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Country Gardens (arr Karrick)

From Wind Repertory Project
Percy Aldridge Grainger

Percy Aldridge Grainger (ed. and orch. Brant Karrick)


Subtitle: English Folk Song


General Info

Year: 1918 / 2013
Duration: c. 2:10
Difficulty: IV (see Ratings for explanation)
Original Medium: Piano
Publisher: Alfred Music Publishing
Cost: Score and Parts (print) - $78.00; (digital) - $78.00   |   Score Only (print) - $10.00


Instrumentation

Full Score
C Piccolo
Flute I-II
Oboe
Bassoon
B-flat Soprano Clarinet I-II-III
B-flat Bass Clarinet
B-flat Soprano Saxophone
E-flat Alto Saxophone
B-flat Tenor Saxophone
E-flat Baritone Saxophone
B-flat Flugelhorn
B-flat Trumpet I-II-III
Horn in F I-II-III-IV
Trombone I-II-III
Bass Trombone
Euphonium
Tuba
Timpani
Percussion (7 players), including:

  • Bass Drum
  • Bells
  • Crash Cymbals
  • Snare Drum
  • Suspended Cymbal
  • Xylophone


Errata

None discovered thus far.


Program Notes

Country Gardens is an English folk tune that Cecil Sharp collected in 1908 and passed on to Grainger, who played improvisations on it during his World War I tour as a concert pianist for the U.S. Army. According to Grainger, it is a dance version of the tune The Vicar of Bray. Once published in its original piano form, the tune brought Grainger great success. However, it was not among his favorite compositions. Later in life, despite the steady stream of income from its royalties, the fame of Country Gardens and the widespread public association of this work as being his best known piece, the work came to haunt Grainger. Mentally, it became his albatross. He came to think of his own brilliant original music as “my wretched tone art.” He once remarked, “The typical English country garden is not often used to grow flowers in; it is more likely to be a vegetable plot. So you can think of turnips as I play it.”

When asked in 1950 by Leopold Stokowski to make a new arrangement for Stokowski’s orchestra, Grainger obliged with a wildly satirical version that literally sticks out its tongue at the success of the little tune. In 1953, he rescored that arrangement for band. Reflecting his mood at the time, it is a bitingly sophisticated parody that was to become his only band setting of the music.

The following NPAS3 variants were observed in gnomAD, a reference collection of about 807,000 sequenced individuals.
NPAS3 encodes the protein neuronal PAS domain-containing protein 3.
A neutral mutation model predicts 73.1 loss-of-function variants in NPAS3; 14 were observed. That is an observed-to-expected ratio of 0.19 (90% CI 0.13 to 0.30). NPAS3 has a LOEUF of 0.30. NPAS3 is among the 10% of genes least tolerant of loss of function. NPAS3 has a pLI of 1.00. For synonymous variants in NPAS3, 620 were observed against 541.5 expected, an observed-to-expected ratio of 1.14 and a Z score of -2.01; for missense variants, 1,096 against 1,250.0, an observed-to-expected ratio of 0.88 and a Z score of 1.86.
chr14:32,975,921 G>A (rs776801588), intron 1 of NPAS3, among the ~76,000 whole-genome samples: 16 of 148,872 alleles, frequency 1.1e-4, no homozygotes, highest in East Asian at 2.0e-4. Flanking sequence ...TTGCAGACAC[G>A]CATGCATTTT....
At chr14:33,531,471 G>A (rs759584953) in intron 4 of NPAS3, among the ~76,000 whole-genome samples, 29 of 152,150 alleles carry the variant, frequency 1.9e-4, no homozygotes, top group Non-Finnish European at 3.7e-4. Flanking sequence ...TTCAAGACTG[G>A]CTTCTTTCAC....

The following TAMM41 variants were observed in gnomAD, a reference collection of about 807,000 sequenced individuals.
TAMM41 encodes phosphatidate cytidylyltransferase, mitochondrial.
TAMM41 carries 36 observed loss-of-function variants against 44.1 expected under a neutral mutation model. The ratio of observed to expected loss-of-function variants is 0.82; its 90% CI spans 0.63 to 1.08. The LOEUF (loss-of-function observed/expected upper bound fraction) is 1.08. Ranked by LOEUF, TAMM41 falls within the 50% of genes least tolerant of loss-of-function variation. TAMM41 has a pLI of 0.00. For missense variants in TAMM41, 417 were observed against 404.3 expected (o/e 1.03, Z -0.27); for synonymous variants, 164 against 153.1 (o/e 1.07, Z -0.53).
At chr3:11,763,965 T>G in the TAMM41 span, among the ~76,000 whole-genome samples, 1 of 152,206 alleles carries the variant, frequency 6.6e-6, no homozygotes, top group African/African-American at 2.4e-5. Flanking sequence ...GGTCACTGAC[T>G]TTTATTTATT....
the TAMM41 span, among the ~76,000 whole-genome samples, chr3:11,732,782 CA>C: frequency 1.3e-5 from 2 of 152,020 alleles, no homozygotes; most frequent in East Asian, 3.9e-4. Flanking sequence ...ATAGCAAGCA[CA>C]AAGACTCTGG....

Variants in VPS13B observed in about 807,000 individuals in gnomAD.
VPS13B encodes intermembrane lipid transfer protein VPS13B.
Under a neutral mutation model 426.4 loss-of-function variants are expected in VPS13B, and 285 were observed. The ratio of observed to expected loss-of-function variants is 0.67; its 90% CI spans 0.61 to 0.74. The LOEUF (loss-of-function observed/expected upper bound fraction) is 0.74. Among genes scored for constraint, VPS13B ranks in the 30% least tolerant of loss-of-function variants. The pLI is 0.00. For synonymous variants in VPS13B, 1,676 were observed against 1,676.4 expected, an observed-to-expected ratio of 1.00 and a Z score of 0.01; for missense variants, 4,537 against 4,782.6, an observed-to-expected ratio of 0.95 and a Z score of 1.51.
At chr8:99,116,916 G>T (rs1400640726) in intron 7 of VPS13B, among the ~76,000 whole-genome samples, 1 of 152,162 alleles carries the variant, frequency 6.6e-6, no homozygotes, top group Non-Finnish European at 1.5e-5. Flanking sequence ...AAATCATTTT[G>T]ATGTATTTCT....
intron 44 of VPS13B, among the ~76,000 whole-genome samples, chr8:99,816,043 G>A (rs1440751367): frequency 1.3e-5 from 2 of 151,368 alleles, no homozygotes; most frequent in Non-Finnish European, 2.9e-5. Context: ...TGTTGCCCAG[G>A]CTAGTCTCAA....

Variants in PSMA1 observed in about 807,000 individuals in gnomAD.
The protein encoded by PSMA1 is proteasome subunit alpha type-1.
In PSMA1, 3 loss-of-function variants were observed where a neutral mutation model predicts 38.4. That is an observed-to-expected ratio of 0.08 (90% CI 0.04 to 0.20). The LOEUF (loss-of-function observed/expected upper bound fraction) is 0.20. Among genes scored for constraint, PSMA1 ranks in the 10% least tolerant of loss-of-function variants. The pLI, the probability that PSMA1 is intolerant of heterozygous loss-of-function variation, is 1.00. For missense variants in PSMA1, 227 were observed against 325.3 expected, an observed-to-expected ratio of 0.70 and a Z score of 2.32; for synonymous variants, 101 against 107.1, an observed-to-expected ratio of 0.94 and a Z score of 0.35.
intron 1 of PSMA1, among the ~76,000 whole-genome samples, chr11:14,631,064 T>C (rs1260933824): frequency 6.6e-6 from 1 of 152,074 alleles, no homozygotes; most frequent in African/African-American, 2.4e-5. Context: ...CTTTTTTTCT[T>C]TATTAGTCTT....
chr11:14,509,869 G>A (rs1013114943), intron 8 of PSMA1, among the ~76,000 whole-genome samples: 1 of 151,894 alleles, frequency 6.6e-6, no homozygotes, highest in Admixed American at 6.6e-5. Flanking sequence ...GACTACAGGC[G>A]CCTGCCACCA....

- Program Note from SUNY Fredonia Wind Symphony concert program, 27 September 2017


The charismatic, quirky, brilliant character of Percy Grainger is not likely to be recreated. A genius by any measure, Grainger was a piano virtuoso, a major force in the collection and preservation of folk songs, and a visionary composer of considerable gifts.

In 1918, Grainger wrote to Cecil Sharp about a new folk song setting he had prepared. During one of his Liberty Loan concerts, Percy had improvised on one of Sharp’s Morris dance tunes called Country Gardens - a Handkerchief Dance. Percy’s version of Country Gardens proved so popular that he decided to commit it to paper, and presented it as a birthday gift to his mother in 1918. As with his other folk song settings, it was “lovingly and reverently dedicated to the memory of Edvard Grieg.”

- Program Note from the Cedar Park Winds Community Band concert program, 20 December 2017


Grainger's first piano arrangement of this English morris dance tune was completed in 1918 as a birthday gift for his mother. It became extremely popular and was his greatest commercial and financial success. Even this simple tune displays his genius with harmony, counterpoint, and color. This very playable arrangement is an excellent way to introduce your students to the music of Percy Grainger!

- Program Note from publisher


Commercial Discography

None discovered thus far.


Media


State Ratings

None discovered thus far.


Performances

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Works for Winds by this Composer


Resources